Between five and ten percent of Wisconsin homes have radon levels above the US EPA guideline of 4 pCi/L for an annual average on the main floor. Every region of Wisconsin has some homes with elevated radon levels. radon testing central Racine County
Testing and scientific research are complete; the results are indisputable; radon gas is deadly and everywhere. The house you will buy will have a level of radon gas. The Environmental Protection Agency has not set a SAFE standard for gas we breathe. However, the EPA does advise we test our homes over an extended period (three months and longer) to determine a more accurate reading of our exposure. The residential real estate transaction process is not well suited for long term testing of anything. A short term radon test done in 48 hours is an alternative the Wisconsin Residential Offer to Purchase provides to the consumer. It’s not the false sense of danger that short-term testing results are likely to trigger that concerns me; it’s the false sense of security homeowners walk away with when the test shows a radon level below the EPA’s action level 4 picocuries per liter.
Don’t Test For Radon. Budget to Mitigate.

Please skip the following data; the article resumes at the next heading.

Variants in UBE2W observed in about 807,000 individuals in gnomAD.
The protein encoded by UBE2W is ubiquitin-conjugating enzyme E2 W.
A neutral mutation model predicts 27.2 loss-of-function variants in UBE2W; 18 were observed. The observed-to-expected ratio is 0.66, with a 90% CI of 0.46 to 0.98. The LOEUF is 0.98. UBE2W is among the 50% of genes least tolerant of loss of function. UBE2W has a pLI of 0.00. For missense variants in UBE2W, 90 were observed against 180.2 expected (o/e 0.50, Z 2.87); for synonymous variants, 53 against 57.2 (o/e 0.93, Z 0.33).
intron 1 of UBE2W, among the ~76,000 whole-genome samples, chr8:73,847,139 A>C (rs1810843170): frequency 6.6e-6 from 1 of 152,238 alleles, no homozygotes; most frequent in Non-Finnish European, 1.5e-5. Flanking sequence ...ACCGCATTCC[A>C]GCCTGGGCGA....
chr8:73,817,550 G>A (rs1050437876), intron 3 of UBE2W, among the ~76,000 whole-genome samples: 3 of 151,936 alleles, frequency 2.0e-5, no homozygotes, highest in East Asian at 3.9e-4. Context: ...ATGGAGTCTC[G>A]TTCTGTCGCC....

Consider these facts and tell me what you gain by making your offer contingent on another radon test’s findings: radon is deadly. The price of a radon test is $200.00. A mitigation system guaranteed to keep radon below the EPA Action Level is $800 – $1,000. Multimillion dollars spent on scientific testing proves radon gas is present where you live.
Would it be smart to forego the test, save the $200, and apply the money to the price of a customized mitigation system for your home? I think it is. I also think it is unwise to decide you don’t need to mitigate based on a two-day test. The two-day test will not refute the facts determined by the expensive long-term testing and scientific research completed and ongoing across the world.
The Contingency is All About Determining Who Pays The Bill
The purpose of the radon testing contingency, as written in the Wisconsin Offer to Purchase, is to decide who pays for installing a mitigation system if the two-day test reveals a radon level at or above the EPA Action Level. In a climate where buyers are promising they won’t object to defects that cost less than $1,000 to $2,000 to cure, it makes no sense to put the seller at risk of needing to contract and pay for a cheap mitigation system. Accepting the cost of adding a system of any kind that is not currently on the premises is smart negotiating. When the cost is minor and affordable, making the issue a concern for the Seller your Offer’s appeal takes a hit. Spending money to test to confirm what is already known is unnecessary. Leave the unnecessary out. Protect your family. Plan to install a radon mitigation system after closing. That little change to your offer might be all that’s necessary to make you the most attractive buyer of all the buyers the seller has to choose from. Be safe. Be smart.